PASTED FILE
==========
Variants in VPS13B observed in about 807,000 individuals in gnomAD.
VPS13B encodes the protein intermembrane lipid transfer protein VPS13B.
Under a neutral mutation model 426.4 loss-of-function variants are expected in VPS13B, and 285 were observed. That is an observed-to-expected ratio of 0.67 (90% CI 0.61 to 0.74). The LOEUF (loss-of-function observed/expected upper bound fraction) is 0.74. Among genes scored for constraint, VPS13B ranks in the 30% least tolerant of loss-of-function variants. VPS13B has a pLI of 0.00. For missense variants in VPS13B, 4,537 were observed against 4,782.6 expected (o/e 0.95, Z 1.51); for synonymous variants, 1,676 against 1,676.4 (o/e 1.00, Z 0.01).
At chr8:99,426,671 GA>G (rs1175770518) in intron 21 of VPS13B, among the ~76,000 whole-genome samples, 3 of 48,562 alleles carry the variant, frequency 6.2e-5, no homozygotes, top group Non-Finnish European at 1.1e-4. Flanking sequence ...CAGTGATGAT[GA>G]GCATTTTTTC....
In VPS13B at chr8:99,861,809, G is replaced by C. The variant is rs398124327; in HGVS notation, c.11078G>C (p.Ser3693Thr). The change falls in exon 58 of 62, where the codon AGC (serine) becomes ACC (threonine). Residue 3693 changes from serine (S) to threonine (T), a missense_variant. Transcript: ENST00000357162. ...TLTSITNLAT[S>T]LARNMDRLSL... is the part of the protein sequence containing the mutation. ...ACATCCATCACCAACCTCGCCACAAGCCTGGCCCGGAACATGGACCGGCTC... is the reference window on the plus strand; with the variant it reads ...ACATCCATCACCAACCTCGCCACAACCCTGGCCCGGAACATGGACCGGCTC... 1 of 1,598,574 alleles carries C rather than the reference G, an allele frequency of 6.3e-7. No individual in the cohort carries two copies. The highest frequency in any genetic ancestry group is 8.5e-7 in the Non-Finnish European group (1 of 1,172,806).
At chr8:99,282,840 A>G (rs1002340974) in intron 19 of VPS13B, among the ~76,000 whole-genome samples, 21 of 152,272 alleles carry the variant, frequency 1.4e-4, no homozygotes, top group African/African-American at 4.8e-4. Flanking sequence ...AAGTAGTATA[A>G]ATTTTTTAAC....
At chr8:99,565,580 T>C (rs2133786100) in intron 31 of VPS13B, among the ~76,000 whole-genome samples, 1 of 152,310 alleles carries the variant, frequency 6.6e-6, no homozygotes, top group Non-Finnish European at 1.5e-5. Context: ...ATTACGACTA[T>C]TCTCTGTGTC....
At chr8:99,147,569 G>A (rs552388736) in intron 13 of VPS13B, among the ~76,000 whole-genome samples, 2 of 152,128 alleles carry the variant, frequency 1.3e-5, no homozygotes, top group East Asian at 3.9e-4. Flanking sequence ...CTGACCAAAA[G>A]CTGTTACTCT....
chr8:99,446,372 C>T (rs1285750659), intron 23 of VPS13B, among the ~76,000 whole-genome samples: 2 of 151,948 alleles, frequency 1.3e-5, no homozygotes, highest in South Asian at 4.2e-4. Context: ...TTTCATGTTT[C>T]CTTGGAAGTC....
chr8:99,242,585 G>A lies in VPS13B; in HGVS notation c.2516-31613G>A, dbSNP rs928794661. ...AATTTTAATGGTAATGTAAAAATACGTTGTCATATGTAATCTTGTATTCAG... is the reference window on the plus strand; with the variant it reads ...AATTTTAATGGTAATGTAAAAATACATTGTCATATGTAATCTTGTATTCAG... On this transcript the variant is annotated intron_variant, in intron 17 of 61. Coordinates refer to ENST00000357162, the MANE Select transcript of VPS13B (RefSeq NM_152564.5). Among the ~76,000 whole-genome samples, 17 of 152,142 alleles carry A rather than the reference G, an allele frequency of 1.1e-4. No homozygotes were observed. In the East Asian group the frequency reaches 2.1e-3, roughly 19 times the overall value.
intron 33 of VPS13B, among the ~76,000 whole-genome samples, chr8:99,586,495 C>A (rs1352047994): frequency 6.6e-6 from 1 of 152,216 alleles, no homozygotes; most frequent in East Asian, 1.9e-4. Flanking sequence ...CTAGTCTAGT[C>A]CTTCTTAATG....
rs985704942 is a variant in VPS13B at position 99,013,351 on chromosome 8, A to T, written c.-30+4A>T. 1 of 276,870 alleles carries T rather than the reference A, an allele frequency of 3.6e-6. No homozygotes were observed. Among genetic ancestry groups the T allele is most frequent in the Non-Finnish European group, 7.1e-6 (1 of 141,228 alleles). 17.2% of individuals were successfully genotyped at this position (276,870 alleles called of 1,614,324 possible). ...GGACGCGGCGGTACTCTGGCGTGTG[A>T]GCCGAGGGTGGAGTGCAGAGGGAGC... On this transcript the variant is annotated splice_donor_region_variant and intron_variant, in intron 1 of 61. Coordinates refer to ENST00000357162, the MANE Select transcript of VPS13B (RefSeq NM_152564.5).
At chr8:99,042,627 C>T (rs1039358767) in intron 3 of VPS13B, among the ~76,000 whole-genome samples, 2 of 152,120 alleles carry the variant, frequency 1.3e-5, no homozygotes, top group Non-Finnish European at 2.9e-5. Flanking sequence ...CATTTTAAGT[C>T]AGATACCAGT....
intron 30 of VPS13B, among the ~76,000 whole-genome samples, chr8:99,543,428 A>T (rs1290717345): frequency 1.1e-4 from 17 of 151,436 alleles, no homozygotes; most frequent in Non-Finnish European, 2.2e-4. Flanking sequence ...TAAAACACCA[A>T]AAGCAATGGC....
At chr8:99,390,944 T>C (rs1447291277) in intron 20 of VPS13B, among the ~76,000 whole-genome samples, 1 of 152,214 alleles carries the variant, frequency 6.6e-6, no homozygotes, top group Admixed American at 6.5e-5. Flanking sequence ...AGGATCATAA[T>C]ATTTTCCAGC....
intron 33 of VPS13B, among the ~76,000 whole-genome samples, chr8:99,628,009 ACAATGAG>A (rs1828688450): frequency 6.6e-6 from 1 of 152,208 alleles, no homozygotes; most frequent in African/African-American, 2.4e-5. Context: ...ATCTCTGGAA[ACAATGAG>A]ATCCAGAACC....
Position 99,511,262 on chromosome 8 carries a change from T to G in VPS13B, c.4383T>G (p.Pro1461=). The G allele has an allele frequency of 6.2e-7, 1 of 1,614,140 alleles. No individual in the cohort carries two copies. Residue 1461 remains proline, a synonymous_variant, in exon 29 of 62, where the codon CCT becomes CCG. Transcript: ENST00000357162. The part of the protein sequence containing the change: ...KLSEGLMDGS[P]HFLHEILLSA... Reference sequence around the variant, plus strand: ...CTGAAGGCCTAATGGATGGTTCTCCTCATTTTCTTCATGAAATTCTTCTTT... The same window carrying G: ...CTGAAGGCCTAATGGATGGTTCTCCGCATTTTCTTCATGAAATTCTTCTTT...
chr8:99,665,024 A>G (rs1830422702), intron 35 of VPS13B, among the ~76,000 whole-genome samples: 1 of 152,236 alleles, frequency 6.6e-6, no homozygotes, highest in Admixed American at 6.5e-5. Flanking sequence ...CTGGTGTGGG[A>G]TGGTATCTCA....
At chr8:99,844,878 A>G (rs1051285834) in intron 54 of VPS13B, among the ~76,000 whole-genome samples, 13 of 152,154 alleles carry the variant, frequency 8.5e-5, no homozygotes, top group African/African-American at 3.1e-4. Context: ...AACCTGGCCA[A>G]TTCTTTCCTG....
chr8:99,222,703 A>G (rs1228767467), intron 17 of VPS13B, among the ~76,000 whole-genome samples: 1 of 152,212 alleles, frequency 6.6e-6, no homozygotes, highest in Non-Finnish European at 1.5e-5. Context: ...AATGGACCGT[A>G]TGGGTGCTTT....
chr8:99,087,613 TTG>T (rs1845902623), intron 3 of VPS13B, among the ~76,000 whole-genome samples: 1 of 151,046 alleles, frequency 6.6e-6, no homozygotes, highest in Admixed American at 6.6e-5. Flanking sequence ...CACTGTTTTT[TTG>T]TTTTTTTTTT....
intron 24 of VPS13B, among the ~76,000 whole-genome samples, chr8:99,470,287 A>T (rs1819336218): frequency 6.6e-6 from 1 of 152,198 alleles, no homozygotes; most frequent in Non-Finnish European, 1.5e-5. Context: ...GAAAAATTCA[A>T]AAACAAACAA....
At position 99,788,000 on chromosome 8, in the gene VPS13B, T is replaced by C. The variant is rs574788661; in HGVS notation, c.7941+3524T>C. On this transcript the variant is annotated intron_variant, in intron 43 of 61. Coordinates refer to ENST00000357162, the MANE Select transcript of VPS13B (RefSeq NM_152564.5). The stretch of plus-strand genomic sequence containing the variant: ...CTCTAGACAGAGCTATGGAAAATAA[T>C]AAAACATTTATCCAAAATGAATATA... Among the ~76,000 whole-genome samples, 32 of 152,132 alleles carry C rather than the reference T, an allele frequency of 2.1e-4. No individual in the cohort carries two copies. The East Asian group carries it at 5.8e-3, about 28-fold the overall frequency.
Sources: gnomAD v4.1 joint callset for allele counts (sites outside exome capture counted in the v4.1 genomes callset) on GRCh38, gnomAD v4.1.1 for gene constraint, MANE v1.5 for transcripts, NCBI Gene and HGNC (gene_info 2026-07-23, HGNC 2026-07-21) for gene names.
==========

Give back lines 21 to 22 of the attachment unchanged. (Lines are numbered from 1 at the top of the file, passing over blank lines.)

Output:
chr8:99,087,613 TTG>T (rs1845902623), intron 3 of VPS13B, among the ~76,000 whole-genome samples: 1 of 151,046 alleles, frequency 6.6e-6, no homozygotes, highest in Admixed American at 6.6e-5. Flanking sequence ...CACTGTTTTT[TTG>T]TTTTTTTTTT....
intron 24 of VPS13B, among the ~76,000 whole-genome samples, chr8:99,470,287 A>T (rs1819336218): frequency 6.6e-6 from 1 of 152,198 alleles, no homozygotes; most frequent in Non-Finnish European, 1.5e-5. Context: ...GAAAAATTCA[A>T]AAACAAACAA....